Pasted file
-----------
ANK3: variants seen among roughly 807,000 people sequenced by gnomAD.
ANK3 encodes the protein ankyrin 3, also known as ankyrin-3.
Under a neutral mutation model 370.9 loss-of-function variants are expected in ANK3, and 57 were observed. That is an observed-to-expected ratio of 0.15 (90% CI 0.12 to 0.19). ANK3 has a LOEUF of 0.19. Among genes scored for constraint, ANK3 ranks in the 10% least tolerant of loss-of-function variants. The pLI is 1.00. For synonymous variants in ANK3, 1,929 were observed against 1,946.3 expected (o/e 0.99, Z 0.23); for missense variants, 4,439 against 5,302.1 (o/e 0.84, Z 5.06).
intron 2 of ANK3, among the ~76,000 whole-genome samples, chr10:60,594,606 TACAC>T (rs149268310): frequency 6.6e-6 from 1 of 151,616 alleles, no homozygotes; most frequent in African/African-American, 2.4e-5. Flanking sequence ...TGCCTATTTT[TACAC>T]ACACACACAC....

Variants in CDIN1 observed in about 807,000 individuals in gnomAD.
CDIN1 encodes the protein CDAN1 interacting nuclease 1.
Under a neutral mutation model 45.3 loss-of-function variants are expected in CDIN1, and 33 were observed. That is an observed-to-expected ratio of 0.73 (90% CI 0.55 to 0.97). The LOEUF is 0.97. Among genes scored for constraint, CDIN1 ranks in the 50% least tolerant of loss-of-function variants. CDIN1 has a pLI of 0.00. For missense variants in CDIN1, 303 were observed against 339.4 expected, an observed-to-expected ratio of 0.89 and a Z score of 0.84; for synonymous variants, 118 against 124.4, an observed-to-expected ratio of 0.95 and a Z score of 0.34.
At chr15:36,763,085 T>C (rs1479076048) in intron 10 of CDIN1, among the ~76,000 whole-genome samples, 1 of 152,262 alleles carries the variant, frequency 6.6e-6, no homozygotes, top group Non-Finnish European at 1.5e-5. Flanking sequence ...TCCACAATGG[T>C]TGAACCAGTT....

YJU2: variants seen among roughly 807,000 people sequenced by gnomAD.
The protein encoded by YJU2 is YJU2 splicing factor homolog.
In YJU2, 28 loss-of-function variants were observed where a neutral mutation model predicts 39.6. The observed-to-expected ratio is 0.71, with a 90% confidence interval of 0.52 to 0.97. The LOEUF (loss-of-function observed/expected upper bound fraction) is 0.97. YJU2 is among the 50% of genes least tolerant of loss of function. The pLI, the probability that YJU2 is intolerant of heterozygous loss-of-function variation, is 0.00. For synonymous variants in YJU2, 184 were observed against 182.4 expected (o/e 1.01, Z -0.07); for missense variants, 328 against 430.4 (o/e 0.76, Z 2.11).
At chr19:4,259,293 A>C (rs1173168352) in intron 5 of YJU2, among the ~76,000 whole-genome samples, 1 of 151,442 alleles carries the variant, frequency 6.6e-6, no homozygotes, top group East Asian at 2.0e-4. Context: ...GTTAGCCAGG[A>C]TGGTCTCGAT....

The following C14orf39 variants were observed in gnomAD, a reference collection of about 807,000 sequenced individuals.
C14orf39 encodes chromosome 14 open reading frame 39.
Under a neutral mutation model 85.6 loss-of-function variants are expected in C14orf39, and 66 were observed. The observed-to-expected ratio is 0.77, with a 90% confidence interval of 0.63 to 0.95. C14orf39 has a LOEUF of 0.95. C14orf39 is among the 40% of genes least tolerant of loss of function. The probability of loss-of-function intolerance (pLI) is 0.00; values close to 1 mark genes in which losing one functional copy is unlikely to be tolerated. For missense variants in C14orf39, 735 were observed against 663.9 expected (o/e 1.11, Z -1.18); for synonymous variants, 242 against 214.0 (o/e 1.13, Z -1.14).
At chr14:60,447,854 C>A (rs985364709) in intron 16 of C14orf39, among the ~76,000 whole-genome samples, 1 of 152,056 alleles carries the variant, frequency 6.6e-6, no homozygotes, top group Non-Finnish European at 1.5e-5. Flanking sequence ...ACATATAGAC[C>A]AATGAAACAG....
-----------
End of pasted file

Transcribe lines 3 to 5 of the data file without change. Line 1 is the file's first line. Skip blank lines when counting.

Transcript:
Under a neutral mutation model 370.9 loss-of-function variants are expected in ANK3, and 57 were observed. That is an observed-to-expected ratio of 0.15 (90% CI 0.12 to 0.19). ANK3 has a LOEUF of 0.19. Among genes scored for constraint, ANK3 ranks in the 10% least tolerant of loss-of-function variants. The pLI is 1.00. For synonymous variants in ANK3, 1,929 were observed against 1,946.3 expected (o/e 0.99, Z 0.23); for missense variants, 4,439 against 5,302.1 (o/e 0.84, Z 5.06).
intron 2 of ANK3, among the ~76,000 whole-genome samples, chr10:60,594,606 TACAC>T (rs149268310): frequency 6.6e-6 from 1 of 151,616 alleles, no homozygotes; most frequent in African/African-American, 2.4e-5. Flanking sequence ...TGCCTATTTT[TACAC>T]ACACACACAC....

Variants in CDIN1 observed in about 807,000 individuals in gnomAD.